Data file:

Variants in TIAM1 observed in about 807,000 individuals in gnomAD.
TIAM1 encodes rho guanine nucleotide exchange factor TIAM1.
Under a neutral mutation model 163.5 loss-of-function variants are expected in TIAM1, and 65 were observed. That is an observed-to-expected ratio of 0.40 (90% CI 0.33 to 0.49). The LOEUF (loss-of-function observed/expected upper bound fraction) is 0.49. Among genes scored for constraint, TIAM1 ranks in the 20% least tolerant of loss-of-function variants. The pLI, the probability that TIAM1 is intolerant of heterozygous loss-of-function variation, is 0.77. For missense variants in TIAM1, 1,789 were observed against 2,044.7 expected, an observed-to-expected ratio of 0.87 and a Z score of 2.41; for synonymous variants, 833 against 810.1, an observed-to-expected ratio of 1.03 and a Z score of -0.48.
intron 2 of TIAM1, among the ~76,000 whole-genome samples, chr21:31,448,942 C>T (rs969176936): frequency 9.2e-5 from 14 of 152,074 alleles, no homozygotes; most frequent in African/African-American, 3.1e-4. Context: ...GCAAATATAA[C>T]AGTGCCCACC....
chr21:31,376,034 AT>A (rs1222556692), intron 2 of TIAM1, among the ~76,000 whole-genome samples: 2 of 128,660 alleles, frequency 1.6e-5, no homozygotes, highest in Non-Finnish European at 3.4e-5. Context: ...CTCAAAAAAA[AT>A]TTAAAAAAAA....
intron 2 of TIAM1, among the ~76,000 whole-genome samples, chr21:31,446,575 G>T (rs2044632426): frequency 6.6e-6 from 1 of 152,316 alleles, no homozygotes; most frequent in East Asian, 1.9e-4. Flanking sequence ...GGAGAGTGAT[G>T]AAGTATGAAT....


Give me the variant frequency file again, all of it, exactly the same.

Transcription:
Variants in TIAM1 observed in about 807,000 individuals in gnomAD.
TIAM1 encodes rho guanine nucleotide exchange factor TIAM1.
Under a neutral mutation model 163.5 loss-of-function variants are expected in TIAM1, and 65 were observed. That is an observed-to-expected ratio of 0.40 (90% CI 0.33 to 0.49). The LOEUF (loss-of-function observed/expected upper bound fraction) is 0.49. Among genes scored for constraint, TIAM1 ranks in the 20% least tolerant of loss-of-function variants. The pLI, the probability that TIAM1 is intolerant of heterozygous loss-of-function variation, is 0.77. For missense variants in TIAM1, 1,789 were observed against 2,044.7 expected, an observed-to-expected ratio of 0.87 and a Z score of 2.41; for synonymous variants, 833 against 810.1, an observed-to-expected ratio of 1.03 and a Z score of -0.48.
intron 2 of TIAM1, among the ~76,000 whole-genome samples, chr21:31,448,942 C>T (rs969176936): frequency 9.2e-5 from 14 of 152,074 alleles, no homozygotes; most frequent in African/African-American, 3.1e-4. Context: ...GCAAATATAA[C>T]AGTGCCCACC....
chr21:31,376,034 AT>A (rs1222556692), intron 2 of TIAM1, among the ~76,000 whole-genome samples: 2 of 128,660 alleles, frequency 1.6e-5, no homozygotes, highest in Non-Finnish European at 3.4e-5. Context: ...CTCAAAAAAA[AT>A]TTAAAAAAAA....
intron 2 of TIAM1, among the ~76,000 whole-genome samples, chr21:31,446,575 G>T (rs2044632426): frequency 6.6e-6 from 1 of 152,316 alleles, no homozygotes; most frequent in East Asian, 1.9e-4. Flanking sequence ...GGAGAGTGAT[G>T]AAGTATGAAT....